In a basic unix class this week...for work. They took me away from networking as my primary role...I guess they needed me on 1st level unix troubleshooting...ack. Unix is surprisingly interesting I must say.
     
    Certifications: CCNA, A+, N+, MCSE 4.0, CCA
    WIP: CCDA, CCNP, Cisco Firewall
  8. supag33k

    supag33k Kilobyte Poster

    461
    19
    49
    If they also pay for your Unix training really go for it as Unix support tends to be a specialised, demanding and interesting area that pays really well usually.

    I would interested in seeing your config also...as I am doing something in this space later this year...

    supag33k
     
    Certifications: MCSE (NT4/2000/2003/Messaging), MCDBA
    WIP: CCNA, MCTS SQL, Exchange & Security stuff
  9. Headache

    Headache Gigabyte Poster

    1,092
    9
    85

    R.h.Lee I understand what you are saying.

    Let me try to explain myself a bit better. I'm trying to simulate DYNAMIC nat, not static nat.

    To do this I need a ready pool of about half a dozen ip addresses from somewhere to use as my inside local addresses on the router. And I want these addresses to show up when you enter "show ip nat translations".

    Considering I don't have multiple DTEs to work with, my question is, where do I find the addresses to fulfill this role ?

    The only ways I know is to create virtual ip addresses on a router using router-on-a-stick and loopback addresses.

    I'm not getting these mixed up with network address translation or Vlans or anything like that. I just need a pool of about half a dozen ip addresses that I can use to configure dynamic Nat. That's all.

    To illustrate:

    sh ip int brief
    Interface IP-Address OK? Method Status Protocol
    FastEthernet0/0 unassigned YES NVRAM up up

    FastEthernet0/0.1 172.18.1.11 YES manual up up

    FastEthernet0/0.2 172.18.2.12 YES manual up up

    FastEthernet0/0.3 172.18.3.13 YES manual up up

    FastEthernet0/0.4 172.18.4.14 YES manual up up

    FastEthernet0/0.5 172.18.5.15 YES manual up up

    FastEthernet0/0.6 172.18.6.16 YES manual up up

    Serial0/0 172.16.1.1 YES NVRAM up up

    Serial0/1 201.21.21.1 YES NVRAM administratively down down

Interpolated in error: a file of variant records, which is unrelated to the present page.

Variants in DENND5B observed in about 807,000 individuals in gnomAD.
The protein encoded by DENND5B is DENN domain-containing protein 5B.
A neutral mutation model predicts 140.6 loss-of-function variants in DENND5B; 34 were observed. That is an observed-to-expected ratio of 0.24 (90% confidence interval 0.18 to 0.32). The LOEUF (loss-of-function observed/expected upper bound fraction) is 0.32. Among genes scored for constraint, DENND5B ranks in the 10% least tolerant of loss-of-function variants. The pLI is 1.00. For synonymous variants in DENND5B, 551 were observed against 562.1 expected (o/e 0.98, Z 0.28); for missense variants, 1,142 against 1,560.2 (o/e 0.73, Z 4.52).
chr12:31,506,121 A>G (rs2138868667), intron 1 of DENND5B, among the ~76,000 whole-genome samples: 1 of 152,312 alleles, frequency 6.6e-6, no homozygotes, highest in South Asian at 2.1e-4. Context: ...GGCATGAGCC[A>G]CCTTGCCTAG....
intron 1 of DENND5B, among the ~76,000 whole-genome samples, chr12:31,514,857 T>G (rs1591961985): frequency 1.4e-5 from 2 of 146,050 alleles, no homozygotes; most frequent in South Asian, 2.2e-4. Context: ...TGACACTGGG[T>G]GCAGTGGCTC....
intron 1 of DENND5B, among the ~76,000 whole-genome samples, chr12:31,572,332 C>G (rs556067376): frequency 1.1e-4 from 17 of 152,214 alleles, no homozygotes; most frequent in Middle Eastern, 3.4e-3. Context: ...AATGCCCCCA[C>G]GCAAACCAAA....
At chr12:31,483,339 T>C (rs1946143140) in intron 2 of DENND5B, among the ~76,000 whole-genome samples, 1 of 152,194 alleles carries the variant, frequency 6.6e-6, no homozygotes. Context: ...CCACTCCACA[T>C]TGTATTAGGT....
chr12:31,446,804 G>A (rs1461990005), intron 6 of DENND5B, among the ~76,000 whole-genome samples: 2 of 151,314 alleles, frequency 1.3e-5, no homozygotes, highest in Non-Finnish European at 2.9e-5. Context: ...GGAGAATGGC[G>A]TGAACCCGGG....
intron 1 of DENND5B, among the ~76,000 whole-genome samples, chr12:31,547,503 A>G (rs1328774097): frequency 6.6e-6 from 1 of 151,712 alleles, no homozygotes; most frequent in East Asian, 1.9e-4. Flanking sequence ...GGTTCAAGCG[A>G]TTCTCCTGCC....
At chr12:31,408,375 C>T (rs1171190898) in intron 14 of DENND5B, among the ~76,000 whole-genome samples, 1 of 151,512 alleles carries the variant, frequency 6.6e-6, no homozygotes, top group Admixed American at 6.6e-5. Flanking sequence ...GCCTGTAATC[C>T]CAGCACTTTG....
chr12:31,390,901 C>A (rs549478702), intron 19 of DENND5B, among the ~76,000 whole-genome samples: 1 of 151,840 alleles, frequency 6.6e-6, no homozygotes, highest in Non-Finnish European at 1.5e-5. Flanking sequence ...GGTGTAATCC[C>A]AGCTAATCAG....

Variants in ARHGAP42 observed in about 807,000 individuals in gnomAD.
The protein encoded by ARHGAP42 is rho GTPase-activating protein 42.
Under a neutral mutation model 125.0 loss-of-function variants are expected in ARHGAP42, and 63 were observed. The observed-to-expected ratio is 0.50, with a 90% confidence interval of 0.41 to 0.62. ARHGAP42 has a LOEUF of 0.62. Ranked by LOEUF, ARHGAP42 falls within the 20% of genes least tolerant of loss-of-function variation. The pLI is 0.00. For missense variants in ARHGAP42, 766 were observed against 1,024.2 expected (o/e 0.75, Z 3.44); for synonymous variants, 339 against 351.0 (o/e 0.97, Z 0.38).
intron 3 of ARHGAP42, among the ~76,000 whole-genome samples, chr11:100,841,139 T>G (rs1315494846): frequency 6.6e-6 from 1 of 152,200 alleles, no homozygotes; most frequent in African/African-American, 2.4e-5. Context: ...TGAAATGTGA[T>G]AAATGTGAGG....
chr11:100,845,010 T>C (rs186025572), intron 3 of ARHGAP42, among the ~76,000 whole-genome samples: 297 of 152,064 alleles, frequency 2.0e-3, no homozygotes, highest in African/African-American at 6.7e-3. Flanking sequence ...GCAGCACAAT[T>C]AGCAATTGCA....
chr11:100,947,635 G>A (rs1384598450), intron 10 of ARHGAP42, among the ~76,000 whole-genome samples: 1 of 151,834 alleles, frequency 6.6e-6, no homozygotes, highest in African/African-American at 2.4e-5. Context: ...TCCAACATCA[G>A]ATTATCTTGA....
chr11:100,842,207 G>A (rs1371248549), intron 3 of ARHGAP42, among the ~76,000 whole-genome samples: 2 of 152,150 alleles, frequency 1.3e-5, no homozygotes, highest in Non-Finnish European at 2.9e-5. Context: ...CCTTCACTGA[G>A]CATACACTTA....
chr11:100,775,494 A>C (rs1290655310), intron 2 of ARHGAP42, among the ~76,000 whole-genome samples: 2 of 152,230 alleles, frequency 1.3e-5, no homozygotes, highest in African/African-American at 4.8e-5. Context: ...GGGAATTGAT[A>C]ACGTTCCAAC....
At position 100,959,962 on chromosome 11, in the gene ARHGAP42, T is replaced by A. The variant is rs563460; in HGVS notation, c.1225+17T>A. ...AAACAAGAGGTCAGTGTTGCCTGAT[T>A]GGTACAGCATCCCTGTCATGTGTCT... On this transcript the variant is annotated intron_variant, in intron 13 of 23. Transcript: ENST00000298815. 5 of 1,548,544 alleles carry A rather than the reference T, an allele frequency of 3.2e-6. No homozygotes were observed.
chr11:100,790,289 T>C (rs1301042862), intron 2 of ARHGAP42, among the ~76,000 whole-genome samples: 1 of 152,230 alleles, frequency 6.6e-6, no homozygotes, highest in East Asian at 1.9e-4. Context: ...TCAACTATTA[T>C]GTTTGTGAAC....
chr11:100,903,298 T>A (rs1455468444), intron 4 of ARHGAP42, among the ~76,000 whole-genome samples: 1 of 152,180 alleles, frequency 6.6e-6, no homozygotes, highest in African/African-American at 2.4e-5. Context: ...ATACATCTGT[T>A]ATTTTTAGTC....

FastEthernet1/0 172.17.1.1 YES NVRAM administratively down down

    R1#conf t
    Enter configuration commands, one per line. End with CNTL/Z.
    R1(config)#ip nat inside source list 1 pool nat-pool
    R1(config)#access-list 1 permit 172.18.1.11 0.0.5.255
    R1(config)#ip nat pool nat-pool 215.15.15.1 215.15.15.5 netmask 255.255.255.128
    R1(config)#interface fastethernet 0/0
    R1(config-if)#ip nat inside
    R1(config-if)#interface serial 0/0
    R1(config-if)#ip nat outside
    R1(config-if)#exit
    R1(config)#exit
    R1#
    00:20:20: %SYS-5-CONFIG_I: Configured from console by console
    R1#show ip nat translations
     
    Certifications: CCNA
    WIP: CCNP
  10. Headache

    Headache Gigabyte Poster

    1,092
    9
    85
    UPDATE:

    Still haven't figured out a way to build a proper lab for dynamic NAT yet. I've tried my hand at router-on-a-stick, but I didn't get very far.

    First, I set up 6 vlans on my switch and assigned ip addresses to them. My intention was to reserve these addresses for my dynamic NAT configs.

    Second, I assigned 6 sub-interfaces to my router to compliment the Vlans.

    Third, I tested connectivity using ping and sh arp. Connectivity was okay.

    Fourth, I configured dynamic Nat using the Vlans for my inside local addresses and used the class C range 215.15.15.1/25 - 215.15.15.5/25 for my inside global addresses.